Analyst conference call- material nonpublic information?

1.Is significant information about earnings guidance given out during analyst conference calls material “non-public” information.

If that is so, then aren’t CFA charterholders going to be at a distinct disadvantage in the marketplace, since all the other analysts are likely to trade based on the information they receive on the call, but the CFA charterholders can’t because of their Code of Ethics?

And, if it is considered material non-public information, why do the regulators allow it?

CFA Charterholders (and candidates) can only act on that information once the call has ended :slight_smile:

If material non-public information is given in a conference call (by accident or not), then that info becomes material public information. Sorry for the company. CFA Institute members and candidates can act on that info as soon as the call had ended, not before.

Hope this helps.

Conference calls to analysts only is certainly not a public disclosure by the company (until at least the call record or the minutes from the call are published on the company website), and CFA charterholders and candidates are certainly not allowed to trade on that information. To answer the original question, no, CFA charterholders and candidates are not at a disadvantage, as insider trading is a criminal offense, so all other analysts on the conference calls are also forbidden to trade on that information.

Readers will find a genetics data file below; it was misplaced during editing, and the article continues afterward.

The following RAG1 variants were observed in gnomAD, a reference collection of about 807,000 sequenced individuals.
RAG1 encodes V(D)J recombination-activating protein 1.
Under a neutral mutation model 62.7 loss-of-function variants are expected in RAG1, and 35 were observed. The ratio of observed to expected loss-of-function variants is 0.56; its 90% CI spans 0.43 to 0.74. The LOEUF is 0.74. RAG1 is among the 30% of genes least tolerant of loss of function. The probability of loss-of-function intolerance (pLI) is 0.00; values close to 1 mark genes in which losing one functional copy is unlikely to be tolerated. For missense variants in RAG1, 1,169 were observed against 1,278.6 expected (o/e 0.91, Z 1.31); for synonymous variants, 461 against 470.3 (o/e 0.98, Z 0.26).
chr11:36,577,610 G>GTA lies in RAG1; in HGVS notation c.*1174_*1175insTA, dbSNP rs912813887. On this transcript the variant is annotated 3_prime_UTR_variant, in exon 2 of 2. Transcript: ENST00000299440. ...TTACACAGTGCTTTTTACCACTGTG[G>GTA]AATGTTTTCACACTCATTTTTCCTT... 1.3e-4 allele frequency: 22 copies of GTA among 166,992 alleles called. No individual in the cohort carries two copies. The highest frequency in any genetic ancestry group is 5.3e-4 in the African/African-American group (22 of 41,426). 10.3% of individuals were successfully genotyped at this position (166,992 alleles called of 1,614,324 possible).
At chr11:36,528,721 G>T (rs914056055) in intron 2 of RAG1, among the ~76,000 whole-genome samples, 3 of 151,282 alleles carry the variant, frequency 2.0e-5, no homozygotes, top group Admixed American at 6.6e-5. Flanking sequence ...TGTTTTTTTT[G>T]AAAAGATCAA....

Not sure where it’s come out that these calls are somehow private. The vast majority of these calls can be listened to live as they happen making them very public information. Recordings/call logs are later uploaded online but these aren’t the first time this information is available. I don’t think I’ve ever heard of one of these calls being private to the public.

Even if the information was non-public, CFA charterholders wouldn’t be at a disadvantage because the anyone who heard the information wouldn’t be able to legally trade on it either. Even though the information is usually public and CFA charterholders aren’t at a disadvantage most sell-side analysts are forbidden from trading stocks they cover in general.